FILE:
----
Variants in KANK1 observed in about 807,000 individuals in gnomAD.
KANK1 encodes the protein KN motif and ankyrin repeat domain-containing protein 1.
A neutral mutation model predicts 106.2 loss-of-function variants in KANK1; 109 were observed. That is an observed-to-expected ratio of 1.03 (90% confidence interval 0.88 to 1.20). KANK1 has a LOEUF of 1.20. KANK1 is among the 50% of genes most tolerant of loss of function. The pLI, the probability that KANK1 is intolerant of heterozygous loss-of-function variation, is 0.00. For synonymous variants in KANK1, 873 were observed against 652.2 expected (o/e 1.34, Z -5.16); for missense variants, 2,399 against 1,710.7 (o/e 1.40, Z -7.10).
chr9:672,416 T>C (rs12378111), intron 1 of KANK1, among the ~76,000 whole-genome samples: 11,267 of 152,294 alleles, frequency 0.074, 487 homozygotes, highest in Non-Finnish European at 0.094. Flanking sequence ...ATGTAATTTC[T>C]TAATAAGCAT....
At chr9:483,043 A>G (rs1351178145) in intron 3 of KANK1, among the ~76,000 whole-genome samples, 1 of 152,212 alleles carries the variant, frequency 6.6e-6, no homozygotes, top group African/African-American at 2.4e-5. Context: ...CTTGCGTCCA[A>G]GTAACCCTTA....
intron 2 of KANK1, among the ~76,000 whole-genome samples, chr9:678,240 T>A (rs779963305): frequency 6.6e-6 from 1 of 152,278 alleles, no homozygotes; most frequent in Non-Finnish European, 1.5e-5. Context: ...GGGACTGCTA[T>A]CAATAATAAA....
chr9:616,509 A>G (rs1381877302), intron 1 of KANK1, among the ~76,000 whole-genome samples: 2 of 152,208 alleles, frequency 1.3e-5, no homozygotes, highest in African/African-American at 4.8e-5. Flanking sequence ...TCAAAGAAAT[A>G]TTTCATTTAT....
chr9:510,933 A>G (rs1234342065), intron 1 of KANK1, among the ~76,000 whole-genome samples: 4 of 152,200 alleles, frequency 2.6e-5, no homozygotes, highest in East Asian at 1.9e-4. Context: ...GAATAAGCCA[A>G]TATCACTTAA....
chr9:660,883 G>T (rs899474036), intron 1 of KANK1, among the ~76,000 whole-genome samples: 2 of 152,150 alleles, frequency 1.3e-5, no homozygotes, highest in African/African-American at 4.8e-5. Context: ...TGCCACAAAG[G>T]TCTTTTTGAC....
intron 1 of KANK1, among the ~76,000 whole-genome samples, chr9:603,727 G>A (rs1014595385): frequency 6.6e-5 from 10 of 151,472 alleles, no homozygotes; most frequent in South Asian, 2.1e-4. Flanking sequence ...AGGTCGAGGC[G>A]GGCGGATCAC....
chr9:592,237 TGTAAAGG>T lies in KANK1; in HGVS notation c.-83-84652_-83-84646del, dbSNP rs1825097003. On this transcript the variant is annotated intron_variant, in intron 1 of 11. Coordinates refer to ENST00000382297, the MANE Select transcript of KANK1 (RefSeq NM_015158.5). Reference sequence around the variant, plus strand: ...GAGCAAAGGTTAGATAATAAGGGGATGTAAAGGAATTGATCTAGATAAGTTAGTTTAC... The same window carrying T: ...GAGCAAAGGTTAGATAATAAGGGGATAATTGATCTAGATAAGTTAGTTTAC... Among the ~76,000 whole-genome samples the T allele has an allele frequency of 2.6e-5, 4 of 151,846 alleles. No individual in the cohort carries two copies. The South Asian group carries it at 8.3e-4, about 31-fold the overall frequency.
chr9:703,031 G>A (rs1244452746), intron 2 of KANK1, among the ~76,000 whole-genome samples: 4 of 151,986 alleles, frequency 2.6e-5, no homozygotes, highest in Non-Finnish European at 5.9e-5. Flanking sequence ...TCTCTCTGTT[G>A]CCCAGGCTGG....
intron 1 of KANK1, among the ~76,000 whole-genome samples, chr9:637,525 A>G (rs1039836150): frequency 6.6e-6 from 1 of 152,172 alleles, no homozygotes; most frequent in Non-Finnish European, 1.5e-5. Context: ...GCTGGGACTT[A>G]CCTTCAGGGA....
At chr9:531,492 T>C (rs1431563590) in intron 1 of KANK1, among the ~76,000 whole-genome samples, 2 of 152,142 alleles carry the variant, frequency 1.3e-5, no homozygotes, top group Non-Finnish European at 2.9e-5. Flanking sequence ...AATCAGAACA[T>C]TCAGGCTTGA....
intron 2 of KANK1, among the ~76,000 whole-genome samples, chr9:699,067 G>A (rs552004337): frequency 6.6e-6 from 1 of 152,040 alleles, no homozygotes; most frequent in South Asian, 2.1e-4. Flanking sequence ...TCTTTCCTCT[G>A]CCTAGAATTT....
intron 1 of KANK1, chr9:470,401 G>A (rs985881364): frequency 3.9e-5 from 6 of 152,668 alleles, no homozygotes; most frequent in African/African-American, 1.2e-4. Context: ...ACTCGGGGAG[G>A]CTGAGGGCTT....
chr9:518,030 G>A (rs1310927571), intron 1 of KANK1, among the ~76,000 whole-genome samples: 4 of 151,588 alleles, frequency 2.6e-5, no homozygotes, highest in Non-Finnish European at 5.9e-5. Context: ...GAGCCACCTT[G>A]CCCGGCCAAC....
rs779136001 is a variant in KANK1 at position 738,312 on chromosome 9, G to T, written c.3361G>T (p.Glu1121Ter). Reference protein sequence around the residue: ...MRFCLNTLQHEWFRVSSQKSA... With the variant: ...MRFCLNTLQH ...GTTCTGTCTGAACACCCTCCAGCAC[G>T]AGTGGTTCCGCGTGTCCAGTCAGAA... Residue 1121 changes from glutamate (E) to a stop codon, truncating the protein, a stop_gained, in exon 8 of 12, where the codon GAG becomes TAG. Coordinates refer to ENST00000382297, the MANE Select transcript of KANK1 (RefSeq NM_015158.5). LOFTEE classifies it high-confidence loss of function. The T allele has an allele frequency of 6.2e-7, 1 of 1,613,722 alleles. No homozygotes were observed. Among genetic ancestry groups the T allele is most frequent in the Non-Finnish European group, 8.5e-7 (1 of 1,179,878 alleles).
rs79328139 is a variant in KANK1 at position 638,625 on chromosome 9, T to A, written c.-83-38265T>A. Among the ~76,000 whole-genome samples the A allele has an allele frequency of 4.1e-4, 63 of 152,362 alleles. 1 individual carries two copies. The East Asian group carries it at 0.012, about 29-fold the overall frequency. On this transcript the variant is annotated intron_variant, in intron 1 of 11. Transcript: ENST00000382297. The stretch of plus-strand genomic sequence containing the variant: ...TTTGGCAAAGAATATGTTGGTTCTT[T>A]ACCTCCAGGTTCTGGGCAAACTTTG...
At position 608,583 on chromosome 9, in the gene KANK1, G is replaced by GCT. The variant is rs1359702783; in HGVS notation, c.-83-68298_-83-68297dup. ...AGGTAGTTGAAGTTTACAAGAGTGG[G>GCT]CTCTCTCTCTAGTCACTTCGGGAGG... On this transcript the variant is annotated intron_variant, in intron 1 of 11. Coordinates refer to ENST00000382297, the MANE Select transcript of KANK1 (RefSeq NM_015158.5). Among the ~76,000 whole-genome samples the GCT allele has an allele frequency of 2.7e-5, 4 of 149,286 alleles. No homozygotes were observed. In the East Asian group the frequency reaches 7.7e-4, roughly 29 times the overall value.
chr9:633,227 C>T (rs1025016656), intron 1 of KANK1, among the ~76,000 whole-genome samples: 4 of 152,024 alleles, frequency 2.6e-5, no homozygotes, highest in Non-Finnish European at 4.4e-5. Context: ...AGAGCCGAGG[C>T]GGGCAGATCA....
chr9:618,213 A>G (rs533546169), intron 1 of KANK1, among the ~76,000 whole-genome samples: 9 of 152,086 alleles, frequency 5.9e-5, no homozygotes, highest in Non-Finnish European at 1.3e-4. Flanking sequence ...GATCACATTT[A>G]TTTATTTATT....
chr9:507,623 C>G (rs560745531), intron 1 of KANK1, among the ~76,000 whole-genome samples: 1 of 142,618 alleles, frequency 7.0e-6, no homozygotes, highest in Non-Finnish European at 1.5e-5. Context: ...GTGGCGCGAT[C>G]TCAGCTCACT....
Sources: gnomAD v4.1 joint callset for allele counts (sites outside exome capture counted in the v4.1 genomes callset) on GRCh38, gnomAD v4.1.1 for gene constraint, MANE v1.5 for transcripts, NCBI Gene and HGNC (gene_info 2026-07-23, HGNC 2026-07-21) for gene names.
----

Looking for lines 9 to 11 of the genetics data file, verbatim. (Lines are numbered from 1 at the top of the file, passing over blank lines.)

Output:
chr9:660,883 G>T (rs899474036), intron 1 of KANK1, among the ~76,000 whole-genome samples: 2 of 152,150 alleles, frequency 1.3e-5, no homozygotes, highest in African/African-American at 4.8e-5. Context: ...TGCCACAAAG[G>T]TCTTTTTGAC....
intron 1 of KANK1, among the ~76,000 whole-genome samples, chr9:603,727 G>A (rs1014595385): frequency 6.6e-5 from 10 of 151,472 alleles, no homozygotes; most frequent in South Asian, 2.1e-4. Flanking sequence ...AGGTCGAGGC[G>A]GGCGGATCAC....
chr9:592,237 TGTAAAGG>T lies in KANK1; in HGVS notation c.-83-84652_-83-84646del, dbSNP rs1825097003. On this transcript the variant is annotated intron_variant, in intron 1 of 11. Coordinates refer to ENST00000382297, the MANE Select transcript of KANK1 (RefSeq NM_015158.5). Reference sequence around the variant, plus strand: ...GAGCAAAGGTTAGATAATAAGGGGATGTAAAGGAATTGATCTAGATAAGTTAGTTTAC... The same window carrying T: ...GAGCAAAGGTTAGATAATAAGGGGATAATTGATCTAGATAAGTTAGTTTAC... Among the ~76,000 whole-genome samples the T allele has an allele frequency of 2.6e-5, 4 of 151,846 alleles. No individual in the cohort carries two copies. The South Asian group carries it at 8.3e-4, about 31-fold the overall frequency.